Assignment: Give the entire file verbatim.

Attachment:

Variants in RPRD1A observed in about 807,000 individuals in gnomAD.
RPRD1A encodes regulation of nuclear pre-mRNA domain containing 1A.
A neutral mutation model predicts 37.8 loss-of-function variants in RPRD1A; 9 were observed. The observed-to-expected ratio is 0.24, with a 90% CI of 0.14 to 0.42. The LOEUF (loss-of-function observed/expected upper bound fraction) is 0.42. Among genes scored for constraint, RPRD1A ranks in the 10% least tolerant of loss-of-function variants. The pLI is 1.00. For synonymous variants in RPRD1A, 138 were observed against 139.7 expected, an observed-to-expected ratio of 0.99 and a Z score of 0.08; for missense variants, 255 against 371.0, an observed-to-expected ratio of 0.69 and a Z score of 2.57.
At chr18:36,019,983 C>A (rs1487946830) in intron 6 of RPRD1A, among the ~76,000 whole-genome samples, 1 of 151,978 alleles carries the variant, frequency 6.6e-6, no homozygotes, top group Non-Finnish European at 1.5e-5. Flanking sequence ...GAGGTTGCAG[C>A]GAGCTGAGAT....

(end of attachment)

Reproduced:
Variants in RPRD1A observed in about 807,000 individuals in gnomAD.
RPRD1A encodes regulation of nuclear pre-mRNA domain containing 1A.
A neutral mutation model predicts 37.8 loss-of-function variants in RPRD1A; 9 were observed. The observed-to-expected ratio is 0.24, with a 90% CI of 0.14 to 0.42. The LOEUF (loss-of-function observed/expected upper bound fraction) is 0.42. Among genes scored for constraint, RPRD1A ranks in the 10% least tolerant of loss-of-function variants. The pLI is 1.00. For synonymous variants in RPRD1A, 138 were observed against 139.7 expected, an observed-to-expected ratio of 0.99 and a Z score of 0.08; for missense variants, 255 against 371.0, an observed-to-expected ratio of 0.69 and a Z score of 2.57.
At chr18:36,019,983 C>A (rs1487946830) in intron 6 of RPRD1A, among the ~76,000 whole-genome samples, 1 of 151,978 alleles carries the variant, frequency 6.6e-6, no homozygotes, top group Non-Finnish European at 1.5e-5. Flanking sequence ...GAGGTTGCAG[C>A]GAGCTGAGAT....